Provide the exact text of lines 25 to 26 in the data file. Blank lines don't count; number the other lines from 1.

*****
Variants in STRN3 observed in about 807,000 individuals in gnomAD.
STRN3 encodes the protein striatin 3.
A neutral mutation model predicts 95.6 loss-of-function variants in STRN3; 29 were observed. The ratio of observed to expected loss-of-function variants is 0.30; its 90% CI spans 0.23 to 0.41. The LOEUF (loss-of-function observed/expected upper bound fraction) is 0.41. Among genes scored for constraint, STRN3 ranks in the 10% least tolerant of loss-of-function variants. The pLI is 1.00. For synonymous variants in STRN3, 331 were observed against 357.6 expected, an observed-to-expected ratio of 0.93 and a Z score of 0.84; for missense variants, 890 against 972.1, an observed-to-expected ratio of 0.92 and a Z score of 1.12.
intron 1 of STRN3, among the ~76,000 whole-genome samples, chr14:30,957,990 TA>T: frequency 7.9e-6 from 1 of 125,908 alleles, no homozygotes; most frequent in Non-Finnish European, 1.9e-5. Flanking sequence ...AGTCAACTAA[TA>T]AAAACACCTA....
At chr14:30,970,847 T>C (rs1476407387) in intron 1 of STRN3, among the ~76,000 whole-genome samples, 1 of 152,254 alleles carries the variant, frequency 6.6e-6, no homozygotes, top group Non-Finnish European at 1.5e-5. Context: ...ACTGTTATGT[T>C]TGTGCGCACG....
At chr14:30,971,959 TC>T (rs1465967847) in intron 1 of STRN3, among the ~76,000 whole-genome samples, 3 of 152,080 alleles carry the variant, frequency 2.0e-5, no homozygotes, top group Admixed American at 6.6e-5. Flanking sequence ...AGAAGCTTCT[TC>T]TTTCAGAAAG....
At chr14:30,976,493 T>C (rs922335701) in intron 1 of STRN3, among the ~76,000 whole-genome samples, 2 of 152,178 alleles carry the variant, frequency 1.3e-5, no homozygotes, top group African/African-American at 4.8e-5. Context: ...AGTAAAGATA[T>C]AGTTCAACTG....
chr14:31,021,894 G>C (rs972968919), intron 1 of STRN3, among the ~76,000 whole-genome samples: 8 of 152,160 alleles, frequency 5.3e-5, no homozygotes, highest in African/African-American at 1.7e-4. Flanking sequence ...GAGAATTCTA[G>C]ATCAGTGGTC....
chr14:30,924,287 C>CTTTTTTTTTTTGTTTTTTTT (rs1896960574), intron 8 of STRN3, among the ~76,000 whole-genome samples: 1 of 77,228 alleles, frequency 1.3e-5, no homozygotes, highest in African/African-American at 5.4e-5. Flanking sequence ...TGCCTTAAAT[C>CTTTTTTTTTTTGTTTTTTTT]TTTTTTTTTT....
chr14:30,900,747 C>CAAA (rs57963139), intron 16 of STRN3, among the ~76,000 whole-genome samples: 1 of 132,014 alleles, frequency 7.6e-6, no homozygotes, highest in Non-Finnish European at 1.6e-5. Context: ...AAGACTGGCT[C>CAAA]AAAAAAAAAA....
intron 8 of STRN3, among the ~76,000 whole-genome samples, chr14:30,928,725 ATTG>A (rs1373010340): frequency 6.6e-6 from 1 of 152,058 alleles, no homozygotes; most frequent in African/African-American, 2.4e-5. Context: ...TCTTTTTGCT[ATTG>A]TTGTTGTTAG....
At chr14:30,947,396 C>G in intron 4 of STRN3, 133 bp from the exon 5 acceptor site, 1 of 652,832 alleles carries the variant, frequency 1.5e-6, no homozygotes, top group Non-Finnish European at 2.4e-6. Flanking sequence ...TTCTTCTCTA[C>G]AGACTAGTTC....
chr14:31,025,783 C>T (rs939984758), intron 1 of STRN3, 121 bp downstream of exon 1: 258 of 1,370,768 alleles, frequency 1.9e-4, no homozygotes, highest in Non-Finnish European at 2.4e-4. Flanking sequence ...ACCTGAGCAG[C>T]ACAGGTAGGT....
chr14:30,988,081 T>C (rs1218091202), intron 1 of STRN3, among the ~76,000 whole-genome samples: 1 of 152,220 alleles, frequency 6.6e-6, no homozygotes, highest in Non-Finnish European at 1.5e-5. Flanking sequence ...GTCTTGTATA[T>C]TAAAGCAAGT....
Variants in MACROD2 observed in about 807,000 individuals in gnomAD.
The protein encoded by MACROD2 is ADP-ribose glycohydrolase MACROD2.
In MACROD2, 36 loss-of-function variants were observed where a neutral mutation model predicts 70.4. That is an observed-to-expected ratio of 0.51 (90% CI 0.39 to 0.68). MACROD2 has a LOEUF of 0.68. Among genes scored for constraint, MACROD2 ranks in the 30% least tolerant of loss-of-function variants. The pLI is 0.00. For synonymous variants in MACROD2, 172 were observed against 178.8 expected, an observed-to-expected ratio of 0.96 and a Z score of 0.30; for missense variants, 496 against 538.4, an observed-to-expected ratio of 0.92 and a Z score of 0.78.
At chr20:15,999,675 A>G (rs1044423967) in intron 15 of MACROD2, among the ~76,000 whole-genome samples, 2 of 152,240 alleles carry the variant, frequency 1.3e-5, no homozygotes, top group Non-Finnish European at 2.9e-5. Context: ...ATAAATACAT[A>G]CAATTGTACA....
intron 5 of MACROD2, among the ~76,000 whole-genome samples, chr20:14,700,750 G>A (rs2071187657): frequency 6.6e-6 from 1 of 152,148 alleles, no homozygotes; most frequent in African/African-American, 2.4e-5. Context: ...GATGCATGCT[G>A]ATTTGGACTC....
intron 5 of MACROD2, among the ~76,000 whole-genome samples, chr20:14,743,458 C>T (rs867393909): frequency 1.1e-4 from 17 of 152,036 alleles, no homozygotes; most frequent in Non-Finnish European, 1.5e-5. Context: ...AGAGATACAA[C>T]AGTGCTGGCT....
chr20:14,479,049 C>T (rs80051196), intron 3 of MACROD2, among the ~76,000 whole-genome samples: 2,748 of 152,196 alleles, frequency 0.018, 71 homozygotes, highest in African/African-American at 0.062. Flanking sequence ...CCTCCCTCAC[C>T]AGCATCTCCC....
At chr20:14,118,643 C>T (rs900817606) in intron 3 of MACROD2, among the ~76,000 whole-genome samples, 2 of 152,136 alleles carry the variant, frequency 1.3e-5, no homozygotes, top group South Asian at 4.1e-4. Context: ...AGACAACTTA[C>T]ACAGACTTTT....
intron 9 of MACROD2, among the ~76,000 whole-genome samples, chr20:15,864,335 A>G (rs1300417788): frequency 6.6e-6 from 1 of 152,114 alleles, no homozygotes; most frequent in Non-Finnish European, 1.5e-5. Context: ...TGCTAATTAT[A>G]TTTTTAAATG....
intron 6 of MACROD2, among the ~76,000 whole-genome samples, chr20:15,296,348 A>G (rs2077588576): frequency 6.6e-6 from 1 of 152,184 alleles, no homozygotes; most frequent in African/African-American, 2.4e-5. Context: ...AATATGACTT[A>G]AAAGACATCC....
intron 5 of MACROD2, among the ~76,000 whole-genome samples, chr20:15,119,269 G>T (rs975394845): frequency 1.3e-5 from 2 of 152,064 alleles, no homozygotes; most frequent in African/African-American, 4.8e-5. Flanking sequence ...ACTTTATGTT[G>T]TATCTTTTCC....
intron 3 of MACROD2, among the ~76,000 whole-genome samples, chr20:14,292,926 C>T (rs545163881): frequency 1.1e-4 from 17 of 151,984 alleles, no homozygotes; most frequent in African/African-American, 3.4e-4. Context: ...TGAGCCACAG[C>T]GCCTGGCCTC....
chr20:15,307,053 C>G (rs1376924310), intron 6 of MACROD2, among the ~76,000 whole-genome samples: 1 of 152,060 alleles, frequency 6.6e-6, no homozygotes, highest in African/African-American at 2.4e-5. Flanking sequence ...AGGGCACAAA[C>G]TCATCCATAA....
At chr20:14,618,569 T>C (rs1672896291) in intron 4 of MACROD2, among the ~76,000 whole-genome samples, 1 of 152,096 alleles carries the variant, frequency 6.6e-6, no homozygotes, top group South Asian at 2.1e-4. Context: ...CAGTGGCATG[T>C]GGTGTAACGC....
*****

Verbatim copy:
intron 5 of MACROD2, among the ~76,000 whole-genome samples, chr20:15,119,269 G>T (rs975394845): frequency 1.3e-5 from 2 of 152,064 alleles, no homozygotes; most frequent in African/African-American, 4.8e-5. Flanking sequence ...ACTTTATGTT[G>T]TATCTTTTCC....
intron 3 of MACROD2, among the ~76,000 whole-genome samples, chr20:14,292,926 C>T (rs545163881): frequency 1.1e-4 from 17 of 151,984 alleles, no homozygotes; most frequent in African/African-American, 3.4e-4. Context: ...TGAGCCACAG[C>T]GCCTGGCCTC....